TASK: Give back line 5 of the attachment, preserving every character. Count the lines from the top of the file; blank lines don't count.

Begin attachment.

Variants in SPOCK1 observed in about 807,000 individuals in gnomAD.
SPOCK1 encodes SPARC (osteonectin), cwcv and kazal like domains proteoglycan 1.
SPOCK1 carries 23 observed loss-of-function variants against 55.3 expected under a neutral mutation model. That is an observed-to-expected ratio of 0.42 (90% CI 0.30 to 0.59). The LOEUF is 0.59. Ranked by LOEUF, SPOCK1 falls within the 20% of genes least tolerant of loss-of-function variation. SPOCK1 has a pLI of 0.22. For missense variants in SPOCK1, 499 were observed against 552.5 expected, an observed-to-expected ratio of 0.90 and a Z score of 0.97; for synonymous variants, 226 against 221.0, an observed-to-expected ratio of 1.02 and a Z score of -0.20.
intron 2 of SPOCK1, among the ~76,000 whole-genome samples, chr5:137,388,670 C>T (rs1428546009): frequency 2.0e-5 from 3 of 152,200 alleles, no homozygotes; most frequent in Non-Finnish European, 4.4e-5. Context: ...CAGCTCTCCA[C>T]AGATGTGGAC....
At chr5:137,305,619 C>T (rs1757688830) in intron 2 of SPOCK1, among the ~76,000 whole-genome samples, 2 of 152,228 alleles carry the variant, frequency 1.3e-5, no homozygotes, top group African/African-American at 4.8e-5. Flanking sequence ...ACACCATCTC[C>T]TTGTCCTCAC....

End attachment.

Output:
At chr5:137,305,619 C>T (rs1757688830) in intron 2 of SPOCK1, among the ~76,000 whole-genome samples, 2 of 152,228 alleles carry the variant, frequency 1.3e-5, no homozygotes, top group African/African-American at 4.8e-5. Flanking sequence ...ACACCATCTC[C>T]TTGTCCTCAC....